(Reuters) - Hospira Inc, a hospital products maker that has grappled with regulatory issues at manufacturing plants for the past 18 months, said it had received a notice over the quality of its medical devices from the U.S. Food and Drug Administration.
The company reported the notice during a conference call on Wednesday after announcing a profit for the fourth quarter vs a year-earlier loss as sales of generic injectable drugs, IV solutions, drug pumps and other products increased more than 8 percent.
Hospira said the FDA completed an inspection of its medical device quality systems at its headquarters in Lake Forest, Illinois, last month and issued a list of 10 objectionable conditions. The list is known in the industry as a Form 483.
Some of the quality systems assessed as part of the Lake Forest inspection included supplier quality systems and medical device reporting and complaint systems, a Hospira spokeswoman said.
The company also said it sent notices to customers about some of its infusion pumps that had to either be recalled, fixed or adjusted.
Hospira has sent out 11 device notifications so far in 2013, including recall and device corrections, the spokeswoman said.
“While there may still be additional device field notifications going forward, we do not believe they will continue at the rate we have seen recently,” she said in an email.
Shares in Hospira fell $2.05 to $32.90 in afternoon trading on the New York Stock Exchange.
Chief Executive F. Michael Ball said that FDA inspectors acknowledged some progress since the last inspection.
“The observations re-enforced our own assessment there is still a lot of work to be done within our device operations,” Ball said on the conference call.
He said management had been doing a complete review of all of its medical devices even before the FDA notice. He said the new strategy would be aimed at modernizing and streamlining platforms.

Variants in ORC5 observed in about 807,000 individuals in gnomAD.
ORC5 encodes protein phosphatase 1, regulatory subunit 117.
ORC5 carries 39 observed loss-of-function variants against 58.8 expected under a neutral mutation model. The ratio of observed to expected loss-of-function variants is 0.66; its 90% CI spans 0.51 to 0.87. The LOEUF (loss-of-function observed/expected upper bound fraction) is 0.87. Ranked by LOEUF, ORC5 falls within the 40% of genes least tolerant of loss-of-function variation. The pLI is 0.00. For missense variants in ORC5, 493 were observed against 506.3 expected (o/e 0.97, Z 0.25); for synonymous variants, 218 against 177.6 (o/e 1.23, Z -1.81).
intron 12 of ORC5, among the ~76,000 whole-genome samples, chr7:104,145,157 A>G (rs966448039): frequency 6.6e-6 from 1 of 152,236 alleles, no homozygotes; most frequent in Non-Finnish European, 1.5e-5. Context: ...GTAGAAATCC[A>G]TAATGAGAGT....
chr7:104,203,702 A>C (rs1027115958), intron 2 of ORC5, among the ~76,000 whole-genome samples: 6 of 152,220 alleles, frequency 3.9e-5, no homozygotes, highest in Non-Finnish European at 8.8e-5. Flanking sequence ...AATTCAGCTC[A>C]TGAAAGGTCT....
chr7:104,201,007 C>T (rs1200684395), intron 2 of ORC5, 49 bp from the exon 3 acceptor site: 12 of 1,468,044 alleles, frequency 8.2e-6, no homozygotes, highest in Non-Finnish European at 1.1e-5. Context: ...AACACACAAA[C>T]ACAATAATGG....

Ball said there has been progress at some of its other manufacturing facilities that have had problems, including its Rocky Mount facility in North Carolina. Ball said a reinspection by the FDA would be extensive and lengthy but he expects it increase production this year.
He said Hospira’s other plants emerged from shut downs on schedule.
Hospira’s Clayton, North Carolina facility has resumed manufacturing propofol, an anesthesia that is administered intravenously and has been in short supply, and is building inventory in the fourth quarter of 2012 for an early 2013 relaunch.
He said the drug was being priced at a premium.
Hospira said it expects sales to rise 1 percent to 3 percent for 2013, and adjusted earnings per diluted share to be between $2.05 and $2.20.
Management said the relatively wide range is based on the expected rate of supply recovery and share gains, as well as improvements in quality and manufacturing performance.
In the fourth quarter, its net income was $5.3 million, or 3 cents per share, in the latest quarter, compared with a net loss of $214.0 million, or $1.30 per share, in the year-earlier period.
Adjusted earnings were 55 cents per share. On that basis, analysts on average were expecting earnings per share of 54 cents.
Net sales rose to $1.1 billion in the quarter from $1.0 billion a year before.
Reporting By Debra Sherman; Editing by Chizu Nomiyama, Grant McCool and Leslie Gevirtz